A Lake Houston Area Magazine

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By Tiara Guard Marenco

Lest we forget! Veteran's Day

by Tiara Guard Marenco

Veterans and active duty are some of my favorite people. We are already held to a different standard and it doesn’t help that many times we enjoy setting ourselves apart. We have so many acronyms and codes that are required in everyday conversation, but I’m here to expose and decode some of the common phrases one might here apart from “rate related lingo”. Here is a list of phrases military personnel use between themselves and fellow branches that civilians should totally understand.

 

IF YOU ARE EARLY, YOU ARE ON TIME. IF YOU ARE ON TIME,

YOU ARE LATE.

We all understood that arriving at the designated time for a physical readiness test, formation or even chow was a sin. And being fashionably late could reward you time in restriction (like home arrest for the military). A good rule of thumb was to ensure arrival 15 minutes before the designated start time.

 

BACK ON THE BLOCK

This generally refers to civilian life before a service member joined. We use this when talking about our “past life”. Once you join the military, you are forever military. It’s like a tattoo. And most of us display it proudly.

 

BIRTH CONTROL GLASSES or BCG’s

In boot camp, the main objective is to make every service member as clone-like as possible. The first lesson we have to learn is that no one is more special than the next. So we get identical uniforms, haircuts, etc. This includes accessories like covers (hats) and glasses. Contacts are not afforded to the service member until arrival to a final duty station. If you are curious how ugly these glasses are, check out a picture of Drew Carey. He still wears his.

 

BATTLE BUDDY

This term is from days of old when soldiers were paired together during war. If one fell, the other was there to administer aid, report back, or, worse case scenario, carry the body to safety. Nowadays it is casually used to describe a wing man. Women in the military commonly use battle buddies when we go drinking to keep an extra set of eyes on drinks, exits and, of course, cute men.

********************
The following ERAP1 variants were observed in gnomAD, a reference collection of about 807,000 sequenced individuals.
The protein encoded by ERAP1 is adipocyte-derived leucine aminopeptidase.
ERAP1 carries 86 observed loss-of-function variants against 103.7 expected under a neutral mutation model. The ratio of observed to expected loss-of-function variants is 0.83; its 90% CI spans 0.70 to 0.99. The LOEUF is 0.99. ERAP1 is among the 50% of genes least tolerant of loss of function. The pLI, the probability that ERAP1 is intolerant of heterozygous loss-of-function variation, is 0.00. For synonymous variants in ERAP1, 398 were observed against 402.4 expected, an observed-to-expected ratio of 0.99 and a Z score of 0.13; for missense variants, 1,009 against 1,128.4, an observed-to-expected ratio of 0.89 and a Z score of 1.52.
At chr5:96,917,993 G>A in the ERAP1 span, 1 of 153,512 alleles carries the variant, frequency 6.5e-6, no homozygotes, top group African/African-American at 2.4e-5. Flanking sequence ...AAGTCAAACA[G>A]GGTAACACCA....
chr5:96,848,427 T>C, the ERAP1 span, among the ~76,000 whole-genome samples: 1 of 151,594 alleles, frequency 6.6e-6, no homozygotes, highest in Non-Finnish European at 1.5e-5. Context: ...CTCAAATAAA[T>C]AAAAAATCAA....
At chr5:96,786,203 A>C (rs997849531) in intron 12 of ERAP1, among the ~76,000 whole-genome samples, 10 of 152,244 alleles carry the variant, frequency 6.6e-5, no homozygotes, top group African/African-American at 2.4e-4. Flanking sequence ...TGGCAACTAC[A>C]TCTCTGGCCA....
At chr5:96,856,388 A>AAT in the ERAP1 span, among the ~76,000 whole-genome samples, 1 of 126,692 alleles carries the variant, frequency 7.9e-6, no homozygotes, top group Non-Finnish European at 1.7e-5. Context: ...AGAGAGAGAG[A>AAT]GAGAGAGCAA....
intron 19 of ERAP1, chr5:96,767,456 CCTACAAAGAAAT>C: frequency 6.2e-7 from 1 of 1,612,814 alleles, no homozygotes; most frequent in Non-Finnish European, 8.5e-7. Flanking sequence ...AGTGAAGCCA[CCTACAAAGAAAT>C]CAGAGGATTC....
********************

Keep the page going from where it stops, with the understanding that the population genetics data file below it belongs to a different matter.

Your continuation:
CHECK YOUR SIX

Originally an Air Force term based on looking for enemy aircraft behind you. Now this phrase is used in place of “watch your back”. I can remember using it a time or two to tell a friend they were getting checked out by the opposite sex as well.

 

SNIPER CHECK

One of my favorite phrases because of the original history. It is well known we do not salute a ranking officer in a combat zone. While there are many officers who've lost their lives to enemy snipers, it's unclear just how many were killed directly after some moron announced their importance to the rest of the enemy world. What we do know, however, is that the most famous American Marine Corps sniper took out a high-ranking enemy with the help of a salute.

 

Gunnery Sgt. Hathcock made his legendary shot at a North Vietnamese Army general from over two miles away. He was too far away to accurately tell which enemy was the general at a glance, especially when several people walked in a group. Take a single guess at how he identified who was who.

 

That being said, when you hear the phrase sniper check, it is normally one service member clarifying to another service member who the moron in the group is.